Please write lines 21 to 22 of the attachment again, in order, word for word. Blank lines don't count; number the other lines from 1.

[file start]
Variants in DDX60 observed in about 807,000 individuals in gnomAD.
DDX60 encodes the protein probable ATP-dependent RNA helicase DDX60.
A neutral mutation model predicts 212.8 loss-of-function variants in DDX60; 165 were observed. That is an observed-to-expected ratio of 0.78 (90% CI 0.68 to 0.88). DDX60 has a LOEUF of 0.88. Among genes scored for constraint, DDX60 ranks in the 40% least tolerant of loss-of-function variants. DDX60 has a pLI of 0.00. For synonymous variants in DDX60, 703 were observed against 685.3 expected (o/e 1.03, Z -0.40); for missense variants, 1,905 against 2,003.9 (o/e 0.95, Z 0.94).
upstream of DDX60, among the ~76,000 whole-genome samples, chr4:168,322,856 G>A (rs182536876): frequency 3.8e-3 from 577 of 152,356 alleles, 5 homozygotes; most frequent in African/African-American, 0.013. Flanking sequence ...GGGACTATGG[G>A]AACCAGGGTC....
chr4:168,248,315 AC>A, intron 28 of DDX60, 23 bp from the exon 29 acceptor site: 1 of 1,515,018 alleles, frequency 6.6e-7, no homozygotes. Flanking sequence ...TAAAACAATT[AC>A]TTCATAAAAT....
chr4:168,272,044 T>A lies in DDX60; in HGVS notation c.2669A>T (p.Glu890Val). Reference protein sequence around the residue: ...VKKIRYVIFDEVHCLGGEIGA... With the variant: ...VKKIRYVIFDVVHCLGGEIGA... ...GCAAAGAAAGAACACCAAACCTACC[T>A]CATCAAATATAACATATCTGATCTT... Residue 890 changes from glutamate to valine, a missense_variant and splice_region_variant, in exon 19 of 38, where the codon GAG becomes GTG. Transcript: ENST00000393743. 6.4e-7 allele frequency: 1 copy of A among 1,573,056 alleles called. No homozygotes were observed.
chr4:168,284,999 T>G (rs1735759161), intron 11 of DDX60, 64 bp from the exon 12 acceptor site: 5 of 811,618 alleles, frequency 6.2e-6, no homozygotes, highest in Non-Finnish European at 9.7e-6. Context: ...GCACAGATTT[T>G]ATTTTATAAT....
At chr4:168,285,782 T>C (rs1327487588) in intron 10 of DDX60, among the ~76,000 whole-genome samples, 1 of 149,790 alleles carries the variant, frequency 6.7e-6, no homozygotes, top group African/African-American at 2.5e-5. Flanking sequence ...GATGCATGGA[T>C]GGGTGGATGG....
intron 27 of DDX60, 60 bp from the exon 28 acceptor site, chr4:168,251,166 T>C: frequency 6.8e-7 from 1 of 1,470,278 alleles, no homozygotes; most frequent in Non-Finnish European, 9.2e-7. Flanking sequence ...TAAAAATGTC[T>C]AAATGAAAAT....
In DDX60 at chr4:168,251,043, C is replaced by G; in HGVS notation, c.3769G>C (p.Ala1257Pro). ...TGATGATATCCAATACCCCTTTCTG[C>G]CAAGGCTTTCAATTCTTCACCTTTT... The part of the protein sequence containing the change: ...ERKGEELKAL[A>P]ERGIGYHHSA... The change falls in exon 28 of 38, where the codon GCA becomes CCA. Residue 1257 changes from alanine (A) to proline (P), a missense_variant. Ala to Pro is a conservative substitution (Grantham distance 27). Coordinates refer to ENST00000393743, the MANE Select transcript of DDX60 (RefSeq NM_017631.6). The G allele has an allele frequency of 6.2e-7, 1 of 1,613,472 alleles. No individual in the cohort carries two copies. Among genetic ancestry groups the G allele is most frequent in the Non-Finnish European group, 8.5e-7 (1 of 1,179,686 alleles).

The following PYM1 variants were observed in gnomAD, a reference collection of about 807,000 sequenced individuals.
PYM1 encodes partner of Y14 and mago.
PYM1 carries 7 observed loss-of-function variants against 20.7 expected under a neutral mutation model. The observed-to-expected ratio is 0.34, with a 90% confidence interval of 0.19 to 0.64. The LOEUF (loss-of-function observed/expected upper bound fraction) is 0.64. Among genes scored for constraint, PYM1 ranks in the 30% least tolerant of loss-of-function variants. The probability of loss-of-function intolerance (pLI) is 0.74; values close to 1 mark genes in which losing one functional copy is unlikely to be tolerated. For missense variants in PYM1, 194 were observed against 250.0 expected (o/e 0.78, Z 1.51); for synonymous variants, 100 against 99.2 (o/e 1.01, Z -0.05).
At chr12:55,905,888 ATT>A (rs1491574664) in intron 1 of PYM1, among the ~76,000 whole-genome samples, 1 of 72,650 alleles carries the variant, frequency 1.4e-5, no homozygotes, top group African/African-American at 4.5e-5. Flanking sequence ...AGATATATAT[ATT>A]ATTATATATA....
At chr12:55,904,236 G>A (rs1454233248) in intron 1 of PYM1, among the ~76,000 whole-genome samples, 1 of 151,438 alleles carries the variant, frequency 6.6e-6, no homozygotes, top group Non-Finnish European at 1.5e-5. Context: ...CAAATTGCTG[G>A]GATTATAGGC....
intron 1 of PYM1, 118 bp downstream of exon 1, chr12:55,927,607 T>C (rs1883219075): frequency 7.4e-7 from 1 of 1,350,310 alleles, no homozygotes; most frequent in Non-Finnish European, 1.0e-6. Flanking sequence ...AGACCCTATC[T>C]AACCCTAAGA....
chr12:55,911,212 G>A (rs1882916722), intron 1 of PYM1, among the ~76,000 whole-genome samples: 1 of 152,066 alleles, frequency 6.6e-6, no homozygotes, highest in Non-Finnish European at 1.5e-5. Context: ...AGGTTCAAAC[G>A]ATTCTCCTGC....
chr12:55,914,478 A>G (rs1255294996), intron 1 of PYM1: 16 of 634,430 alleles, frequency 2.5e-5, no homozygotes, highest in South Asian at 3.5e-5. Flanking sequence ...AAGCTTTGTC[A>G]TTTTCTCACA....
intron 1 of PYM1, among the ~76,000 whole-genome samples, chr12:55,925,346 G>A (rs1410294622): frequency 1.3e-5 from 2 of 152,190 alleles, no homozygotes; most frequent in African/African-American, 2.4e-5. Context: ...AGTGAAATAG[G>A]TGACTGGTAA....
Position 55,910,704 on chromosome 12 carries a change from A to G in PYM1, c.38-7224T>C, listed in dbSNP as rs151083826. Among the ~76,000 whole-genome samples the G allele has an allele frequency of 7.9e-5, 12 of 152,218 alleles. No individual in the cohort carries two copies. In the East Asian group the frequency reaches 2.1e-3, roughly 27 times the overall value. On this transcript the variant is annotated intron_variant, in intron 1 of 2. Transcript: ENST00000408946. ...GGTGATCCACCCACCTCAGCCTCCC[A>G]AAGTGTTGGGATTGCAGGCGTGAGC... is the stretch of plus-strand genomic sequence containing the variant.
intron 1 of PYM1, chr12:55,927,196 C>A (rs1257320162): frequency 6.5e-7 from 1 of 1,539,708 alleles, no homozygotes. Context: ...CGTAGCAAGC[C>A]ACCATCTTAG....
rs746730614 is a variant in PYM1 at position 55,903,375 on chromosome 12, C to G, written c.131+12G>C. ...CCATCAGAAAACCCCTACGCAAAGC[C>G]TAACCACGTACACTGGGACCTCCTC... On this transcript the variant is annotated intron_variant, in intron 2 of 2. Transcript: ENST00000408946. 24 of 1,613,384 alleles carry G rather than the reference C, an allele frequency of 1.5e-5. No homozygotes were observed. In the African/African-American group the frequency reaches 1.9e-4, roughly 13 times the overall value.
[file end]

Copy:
intron 1 of PYM1, chr12:55,927,196 C>A (rs1257320162): frequency 6.5e-7 from 1 of 1,539,708 alleles, no homozygotes. Context: ...CGTAGCAAGC[C>A]ACCATCTTAG....
rs746730614 is a variant in PYM1 at position 55,903,375 on chromosome 12, C to G, written c.131+12G>C. ...CCATCAGAAAACCCCTACGCAAAGC[C>G]TAACCACGTACACTGGGACCTCCTC... On this transcript the variant is annotated intron_variant, in intron 2 of 2. Transcript: ENST00000408946. 24 of 1,613,384 alleles carry G rather than the reference C, an allele frequency of 1.5e-5. No homozygotes were observed. In the African/African-American group the frequency reaches 1.9e-4, roughly 13 times the overall value.